John M. Hull (Dan Renton Skinner) was a theologian who when he was aged forty and settling into his life as a family man, became irreversibly blind when his retinas were detached. He described the experience as if a black disc were moving across his vision, blocking out the light until eventually he would see nothing at all, which is indeed what happened. He did have the support of his family, most importantly his wife Marilyn (Simone Kirby) who helped him every step of the way, sometimes literally, but he was frustrated he would not now watch his children grow up and as for his job, could he still be able to lecture if he was blind? What could he do at all now he had this apparently dreadful disability?
One thing Hull did was to record a diary of cassette tapes as a process of getting to grips with his condition; a naturally thoughtful man, he wanted to understand everything about it and how it changed his relationships with those around him and the world he could now only hear and touch, even his own home becoming an alien place he would have to relearn his way around. Those tapes lay neglected for the best part of thirty years until he decided to hand them over to documentary filmmakers Pete Middleton and James Spinney, and they were immediately enthused about their potential. This film was the result, a work for both the blind and the seeing, which would allow both sides a greater understanding of one another.
A key question that emerges from Hull's monologues is that he pondered over whether he was actually the same person now he had this affliction, and whether he could sustain the same relationships he had had before. If nobody around him could understand what he was going through, what possible empathy could either party have for Hull's new, dark world? This was obviously of great concern since he now relied so much on his wife, and though it might sound like a cliché, but her love genuinely was what kept him going, and as a deep thinker on humanity he would appreciate that while there were times he could feel alone and helpless with this physical state, as long as he had Marilyn there was no reason to abandon all hope.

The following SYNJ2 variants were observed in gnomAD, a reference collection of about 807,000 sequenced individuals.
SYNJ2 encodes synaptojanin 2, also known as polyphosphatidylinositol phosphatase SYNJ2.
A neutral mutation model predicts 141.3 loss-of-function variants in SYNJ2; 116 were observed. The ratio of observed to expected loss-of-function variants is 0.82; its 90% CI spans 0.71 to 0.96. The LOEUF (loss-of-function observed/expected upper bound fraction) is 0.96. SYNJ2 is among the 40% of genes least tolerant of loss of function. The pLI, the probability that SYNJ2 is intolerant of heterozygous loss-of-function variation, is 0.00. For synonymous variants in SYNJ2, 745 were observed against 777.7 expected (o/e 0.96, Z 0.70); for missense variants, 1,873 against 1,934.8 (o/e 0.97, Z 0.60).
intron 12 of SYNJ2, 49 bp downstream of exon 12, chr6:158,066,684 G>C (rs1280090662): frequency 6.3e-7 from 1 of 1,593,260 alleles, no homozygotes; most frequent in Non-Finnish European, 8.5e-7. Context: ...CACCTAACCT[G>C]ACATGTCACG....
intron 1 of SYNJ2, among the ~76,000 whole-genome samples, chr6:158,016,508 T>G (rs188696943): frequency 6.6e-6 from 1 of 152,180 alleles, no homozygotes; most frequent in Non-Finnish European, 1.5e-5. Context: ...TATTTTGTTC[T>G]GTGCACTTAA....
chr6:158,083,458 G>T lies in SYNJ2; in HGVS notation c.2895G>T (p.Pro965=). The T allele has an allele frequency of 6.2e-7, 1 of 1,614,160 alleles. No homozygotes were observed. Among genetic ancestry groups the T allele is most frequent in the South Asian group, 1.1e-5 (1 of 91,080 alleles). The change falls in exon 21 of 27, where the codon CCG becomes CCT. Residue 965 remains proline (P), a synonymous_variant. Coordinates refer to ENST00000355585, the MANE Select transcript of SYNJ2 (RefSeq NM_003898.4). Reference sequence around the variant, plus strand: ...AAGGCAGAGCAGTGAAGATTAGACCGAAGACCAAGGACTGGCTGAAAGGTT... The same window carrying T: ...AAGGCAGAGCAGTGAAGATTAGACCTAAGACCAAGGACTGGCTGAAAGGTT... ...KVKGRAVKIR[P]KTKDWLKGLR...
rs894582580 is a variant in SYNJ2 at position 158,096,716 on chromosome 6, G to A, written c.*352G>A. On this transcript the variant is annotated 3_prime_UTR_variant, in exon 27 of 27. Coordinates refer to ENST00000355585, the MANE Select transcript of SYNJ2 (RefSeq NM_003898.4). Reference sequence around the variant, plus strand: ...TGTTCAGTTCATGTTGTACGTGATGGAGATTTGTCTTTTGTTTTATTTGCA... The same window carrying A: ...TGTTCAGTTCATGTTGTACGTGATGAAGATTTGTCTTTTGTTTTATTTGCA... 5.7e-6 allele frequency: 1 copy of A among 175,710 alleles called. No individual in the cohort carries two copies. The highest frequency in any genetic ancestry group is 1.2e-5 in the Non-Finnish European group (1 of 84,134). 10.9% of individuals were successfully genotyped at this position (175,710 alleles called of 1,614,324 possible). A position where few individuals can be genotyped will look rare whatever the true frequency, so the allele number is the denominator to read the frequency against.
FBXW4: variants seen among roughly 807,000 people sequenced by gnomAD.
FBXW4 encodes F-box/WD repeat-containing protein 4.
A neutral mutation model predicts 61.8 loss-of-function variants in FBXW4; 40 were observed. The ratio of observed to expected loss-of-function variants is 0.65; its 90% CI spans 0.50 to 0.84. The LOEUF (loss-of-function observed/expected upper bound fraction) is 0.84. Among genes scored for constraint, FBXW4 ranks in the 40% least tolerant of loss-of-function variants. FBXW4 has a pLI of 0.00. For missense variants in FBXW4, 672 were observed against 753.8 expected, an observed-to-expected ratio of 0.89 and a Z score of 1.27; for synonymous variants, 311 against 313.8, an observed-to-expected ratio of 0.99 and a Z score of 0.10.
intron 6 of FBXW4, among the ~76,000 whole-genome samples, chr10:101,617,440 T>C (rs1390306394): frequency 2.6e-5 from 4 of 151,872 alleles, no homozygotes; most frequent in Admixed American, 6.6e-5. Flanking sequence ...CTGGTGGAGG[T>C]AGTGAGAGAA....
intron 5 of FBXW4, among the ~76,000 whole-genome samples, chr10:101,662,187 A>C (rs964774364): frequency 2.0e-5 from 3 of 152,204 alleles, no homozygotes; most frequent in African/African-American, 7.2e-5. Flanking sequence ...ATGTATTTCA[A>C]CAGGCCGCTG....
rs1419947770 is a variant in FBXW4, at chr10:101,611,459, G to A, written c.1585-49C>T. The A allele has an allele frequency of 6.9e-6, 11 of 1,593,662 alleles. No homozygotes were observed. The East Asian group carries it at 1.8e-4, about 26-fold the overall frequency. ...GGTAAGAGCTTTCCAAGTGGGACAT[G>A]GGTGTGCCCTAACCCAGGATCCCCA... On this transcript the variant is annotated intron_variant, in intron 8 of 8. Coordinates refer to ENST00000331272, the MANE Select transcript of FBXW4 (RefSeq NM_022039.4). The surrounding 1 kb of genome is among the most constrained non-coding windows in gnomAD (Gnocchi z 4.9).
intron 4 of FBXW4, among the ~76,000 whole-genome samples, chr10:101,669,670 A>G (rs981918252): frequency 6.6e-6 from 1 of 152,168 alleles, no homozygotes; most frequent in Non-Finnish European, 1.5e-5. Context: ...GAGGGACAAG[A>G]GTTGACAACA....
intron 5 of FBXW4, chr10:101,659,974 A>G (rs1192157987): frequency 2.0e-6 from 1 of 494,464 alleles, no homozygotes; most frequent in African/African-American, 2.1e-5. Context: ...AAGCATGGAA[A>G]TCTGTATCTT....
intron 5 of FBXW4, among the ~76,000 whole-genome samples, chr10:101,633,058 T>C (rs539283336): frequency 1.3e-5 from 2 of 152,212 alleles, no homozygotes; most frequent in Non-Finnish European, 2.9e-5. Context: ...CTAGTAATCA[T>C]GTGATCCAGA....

But what made Notes on Blindness a film rather than a radio play, as the film for voices Blue, directed by Derek Jarman (who actually was sightless when he made it), had been accused of being? Recognising they had to have imagery for the sighted and partially sighted in the audience, Middleton and Spinney hired a cast of actors to play the Hulls and lipsync to the voices, captured on those tapes or in interviews held at the stage the film was put together. This technique had been used before, most notably in The Arbor, the dramatized documentary on playwright Andrea Dunbar, but not very often, yet it was effective here as long as you were not too familiar with what Skinner's actual voice sounded like, which may have been the case thanks to his extensive work in television comedy, often with humorous tones.
He did grow a bushy beard to better resemble Hull, and sported glasses (though it was unclear why those were worn when Hull couldn't see a thing anyway), so with that disguise you would be able to appreciate he was an actor playing a role, and that might have been a sticking point when the results verged on the artificial, meaning this may have been more effective for the blind audiences. Nevertheless, it was easy enough simply to be carried along by the work's meditative mood, as Hull's Australian accented voice gently posited all sorts of parameters to his blindness that ranged from the uselessness he now suffered when it came to protecting his children even at the most basic level (a chilling thought he uneasily considers) to an eventually coming to terms with what he believes was given to him by God. Though even then there are limits to his perception of what purpose that could hold, and the pressing matter that if it was God's will, what was he playing at when Hull would have been far more effective with sight? Yet his message may have not reached as many as it did through his writings and this film, something subtly wondered about here: too high a price to pay? Music by James Ewers and Noah Wood.
[Curzon's DVD has alternative ways of enjoying this appropriate to your degrees of sight, with audio enhanced tracks for the impaired, and a host of short featurettes to fill in the background.]